Starring: Tanya Dempsy, Debra Mayer, Sunny Lombardo, Stacey Scowley, Timothy Muskatell, Olimpia Fernandez and Joe Estevez
Director: Danny Draven
Producers: Charles Band, JR Bookwalter and Tammi Sutton
Rating: Three of Ten Stars
Remember "Halloween: Resurrection", the movie where a reality show producer had contestants spent the night in the "infamous Meyers house"? Well, imagine a film that's dumber and more cheaply than that one, and which features and awful script and some of the worst gore effects ever included in a commercial production. If you can imagine that, you have an idea of the awfulness that is "Hell Asylum".
In "Hell Asylum", disgraced television producer Max (Muskatell) is given one last chance by a production company exec (Estevez) to deliver a hit show. He conceives "Chill Challenge", a reality show where five sexy girls are locked in a haunted house for a night where they must complete challenges set by Max in order to win a share of one million dollars. Needless to say, Max's carnival spookhouse tricks are the least of the worries the girls are going to have.
Released the same year as "Halloween: Resurrection", this film is either a case of not-so-great-minds thinking alike, or it's a case of someone trying to copy when they thought was a great idea. Whatever the origin of the idea behind the film, it's a lame one that's made even lamer by a bad use of the "helmet-cam" stchick that was also included in "Resurrection", where the actors are supposedly filming the footage as they move around. Here's it's used to show stairs. Nothing but stairs. And I even think it's the same set of stairs we're shown over and over.
Why not use the "helmet-cam" to show close-ups of the flesh-eating ghosts devour the contenstants? Why not use the device to evoke suspense and horror instead of boredom? Probably because it would require some degree of inventiveness in stretching a budget so low that they couldn't even afford raw sausages to double for intestines being ripped from victims. Instead, what we get looks a mophead dipped in spaghetti sauce (or maybe five cans of spaghetti and meatballs poured onto the chest of the actor. Whatever it is, the gore in this film is so unconvincing that I am amazed that professionals were willing to put their names to this movie. (And this goes for all the effects and costuming, with the exception of a fall down some stairs. It's the only place in the entire movie where any degree of inventiveness is shown, the only point where the film doesn't feel like it was made by a lazy crew who would really rather be working on some up-and-coming band's rock video.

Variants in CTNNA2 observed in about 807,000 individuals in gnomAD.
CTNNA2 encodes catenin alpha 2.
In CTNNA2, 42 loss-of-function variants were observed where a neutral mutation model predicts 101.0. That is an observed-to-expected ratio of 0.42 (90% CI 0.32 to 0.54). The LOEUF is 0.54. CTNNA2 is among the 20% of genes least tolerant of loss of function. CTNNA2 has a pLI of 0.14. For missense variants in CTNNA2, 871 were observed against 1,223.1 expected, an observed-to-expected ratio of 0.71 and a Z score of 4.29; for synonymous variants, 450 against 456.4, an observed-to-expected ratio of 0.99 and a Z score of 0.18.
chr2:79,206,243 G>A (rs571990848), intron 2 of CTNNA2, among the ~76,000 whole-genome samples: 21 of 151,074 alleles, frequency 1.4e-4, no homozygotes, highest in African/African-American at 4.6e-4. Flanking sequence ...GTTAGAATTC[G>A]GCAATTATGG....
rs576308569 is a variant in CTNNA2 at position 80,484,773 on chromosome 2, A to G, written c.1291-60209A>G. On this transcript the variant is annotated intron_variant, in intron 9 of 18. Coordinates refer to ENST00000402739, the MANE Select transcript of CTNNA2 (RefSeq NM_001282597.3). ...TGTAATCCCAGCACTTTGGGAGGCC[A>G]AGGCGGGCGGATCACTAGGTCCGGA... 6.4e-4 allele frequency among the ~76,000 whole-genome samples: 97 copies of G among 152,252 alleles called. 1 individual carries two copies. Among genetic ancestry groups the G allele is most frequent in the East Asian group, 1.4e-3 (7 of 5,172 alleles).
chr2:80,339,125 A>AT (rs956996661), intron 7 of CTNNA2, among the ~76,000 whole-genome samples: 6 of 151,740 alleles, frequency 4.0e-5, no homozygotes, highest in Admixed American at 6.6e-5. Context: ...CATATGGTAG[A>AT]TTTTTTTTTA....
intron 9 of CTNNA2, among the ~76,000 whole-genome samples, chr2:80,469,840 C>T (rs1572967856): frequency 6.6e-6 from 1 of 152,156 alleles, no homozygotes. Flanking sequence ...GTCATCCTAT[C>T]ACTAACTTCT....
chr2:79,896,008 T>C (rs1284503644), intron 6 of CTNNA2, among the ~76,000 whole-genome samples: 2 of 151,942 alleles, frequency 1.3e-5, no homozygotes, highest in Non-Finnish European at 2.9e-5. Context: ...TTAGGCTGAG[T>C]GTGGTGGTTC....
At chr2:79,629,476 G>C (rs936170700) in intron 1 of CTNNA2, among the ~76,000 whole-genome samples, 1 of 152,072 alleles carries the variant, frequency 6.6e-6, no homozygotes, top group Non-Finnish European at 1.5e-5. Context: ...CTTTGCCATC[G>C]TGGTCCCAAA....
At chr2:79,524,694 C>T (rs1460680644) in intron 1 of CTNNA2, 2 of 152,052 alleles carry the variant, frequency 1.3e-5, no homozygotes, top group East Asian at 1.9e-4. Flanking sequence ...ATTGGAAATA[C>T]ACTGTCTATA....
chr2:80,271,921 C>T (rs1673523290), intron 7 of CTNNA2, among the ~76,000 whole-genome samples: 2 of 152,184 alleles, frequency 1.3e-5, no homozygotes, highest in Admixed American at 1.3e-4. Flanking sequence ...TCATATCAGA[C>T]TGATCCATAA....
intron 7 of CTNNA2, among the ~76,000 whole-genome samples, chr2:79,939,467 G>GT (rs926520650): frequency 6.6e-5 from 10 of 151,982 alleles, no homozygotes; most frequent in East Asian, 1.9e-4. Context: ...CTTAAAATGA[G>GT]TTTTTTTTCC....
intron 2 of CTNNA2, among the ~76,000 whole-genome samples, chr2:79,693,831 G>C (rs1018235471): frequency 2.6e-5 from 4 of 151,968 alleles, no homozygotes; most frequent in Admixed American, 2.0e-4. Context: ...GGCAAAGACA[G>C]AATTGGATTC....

Using the "helmet-cam" set-up for something more creative might have happened if the script for the film had been better. While the writerr did remember to put in some ghost attacks, he forgot to give us a reasonable explanation for why the ghosts attack. Why do the ghosts eat the people they attack? Were they starved to death by their evil, Bluebeard-style husband? Were they demons that were summoned and then trapped in the house? Are they the by-product of the rumored mad science experiments that also took place in the house? The complete lack of any apparent thought given to the "why" of the supernatural attacks in the film make it seem all the more bad.
The awfulness of the film is not the fault of the actors, by the way. The films leads all do a fine job, perhaps even better than the material warrants; it's almost a shame that Tanya Dempsy, Debra Mayer, Stacey Scowley and Sunny Lombardo are wasted in a movie like this, because all appear to be talented actresses.
Speaking of Lombardo, she happens to be the focus of the only sections in the film the truly work, the only time this supposedly horror movie manages to evoke a sense of dread in the viewer. At a point in the film, Lombardo's character is horribly injured and the fesh-ripped ghosts come upon her as she lays there in great pain. She begs one of them to kill her... and it doesn't. It just lets her lay there and die a slow and very painful death. It's a seriously unsettling scene, and it gives a little insight into what this movie could have been if its creators had bothered putting forward some real effort.
As it is, "Hell Asylum" is not worth your time.